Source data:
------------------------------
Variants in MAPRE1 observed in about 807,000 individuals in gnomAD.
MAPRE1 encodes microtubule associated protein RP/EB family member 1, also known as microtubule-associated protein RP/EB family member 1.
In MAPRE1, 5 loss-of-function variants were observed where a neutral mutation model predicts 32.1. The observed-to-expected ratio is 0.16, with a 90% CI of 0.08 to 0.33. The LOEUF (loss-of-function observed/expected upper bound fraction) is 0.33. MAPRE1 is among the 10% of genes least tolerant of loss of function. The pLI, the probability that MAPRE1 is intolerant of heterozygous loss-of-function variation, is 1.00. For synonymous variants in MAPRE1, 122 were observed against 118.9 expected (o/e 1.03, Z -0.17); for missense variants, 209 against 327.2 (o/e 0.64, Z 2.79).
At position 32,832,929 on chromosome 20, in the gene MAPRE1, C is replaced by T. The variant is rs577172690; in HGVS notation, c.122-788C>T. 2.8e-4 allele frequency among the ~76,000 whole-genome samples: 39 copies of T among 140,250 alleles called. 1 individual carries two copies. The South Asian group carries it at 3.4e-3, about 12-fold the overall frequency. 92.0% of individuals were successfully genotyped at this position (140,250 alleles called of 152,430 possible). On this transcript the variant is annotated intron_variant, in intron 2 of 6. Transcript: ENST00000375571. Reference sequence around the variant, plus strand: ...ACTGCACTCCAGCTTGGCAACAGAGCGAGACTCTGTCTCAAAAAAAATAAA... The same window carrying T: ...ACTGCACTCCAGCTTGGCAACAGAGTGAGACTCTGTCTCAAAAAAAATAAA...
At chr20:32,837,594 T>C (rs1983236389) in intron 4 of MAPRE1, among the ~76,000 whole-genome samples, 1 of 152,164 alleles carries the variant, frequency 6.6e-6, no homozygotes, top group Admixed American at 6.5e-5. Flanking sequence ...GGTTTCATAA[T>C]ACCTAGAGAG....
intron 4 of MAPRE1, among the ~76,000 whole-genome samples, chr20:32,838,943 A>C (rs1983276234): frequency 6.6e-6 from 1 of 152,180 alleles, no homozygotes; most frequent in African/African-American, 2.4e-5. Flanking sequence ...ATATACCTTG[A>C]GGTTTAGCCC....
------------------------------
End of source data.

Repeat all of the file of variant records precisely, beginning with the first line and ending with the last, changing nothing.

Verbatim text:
Variants in MAPRE1 observed in about 807,000 individuals in gnomAD.
MAPRE1 encodes microtubule associated protein RP/EB family member 1, also known as microtubule-associated protein RP/EB family member 1.
In MAPRE1, 5 loss-of-function variants were observed where a neutral mutation model predicts 32.1. The observed-to-expected ratio is 0.16, with a 90% CI of 0.08 to 0.33. The LOEUF (loss-of-function observed/expected upper bound fraction) is 0.33. MAPRE1 is among the 10% of genes least tolerant of loss of function. The pLI, the probability that MAPRE1 is intolerant of heterozygous loss-of-function variation, is 1.00. For synonymous variants in MAPRE1, 122 were observed against 118.9 expected (o/e 1.03, Z -0.17); for missense variants, 209 against 327.2 (o/e 0.64, Z 2.79).
At position 32,832,929 on chromosome 20, in the gene MAPRE1, C is replaced by T. The variant is rs577172690; in HGVS notation, c.122-788C>T. 2.8e-4 allele frequency among the ~76,000 whole-genome samples: 39 copies of T among 140,250 alleles called. 1 individual carries two copies. The South Asian group carries it at 3.4e-3, about 12-fold the overall frequency. 92.0% of individuals were successfully genotyped at this position (140,250 alleles called of 152,430 possible). On this transcript the variant is annotated intron_variant, in intron 2 of 6. Transcript: ENST00000375571. Reference sequence around the variant, plus strand: ...ACTGCACTCCAGCTTGGCAACAGAGCGAGACTCTGTCTCAAAAAAAATAAA... The same window carrying T: ...ACTGCACTCCAGCTTGGCAACAGAGTGAGACTCTGTCTCAAAAAAAATAAA...
At chr20:32,837,594 T>C (rs1983236389) in intron 4 of MAPRE1, among the ~76,000 whole-genome samples, 1 of 152,164 alleles carries the variant, frequency 6.6e-6, no homozygotes, top group Admixed American at 6.5e-5. Flanking sequence ...GGTTTCATAA[T>C]ACCTAGAGAG....
intron 4 of MAPRE1, among the ~76,000 whole-genome samples, chr20:32,838,943 A>C (rs1983276234): frequency 6.6e-6 from 1 of 152,180 alleles, no homozygotes; most frequent in African/African-American, 2.4e-5. Flanking sequence ...ATATACCTTG[A>C]GGTTTAGCCC....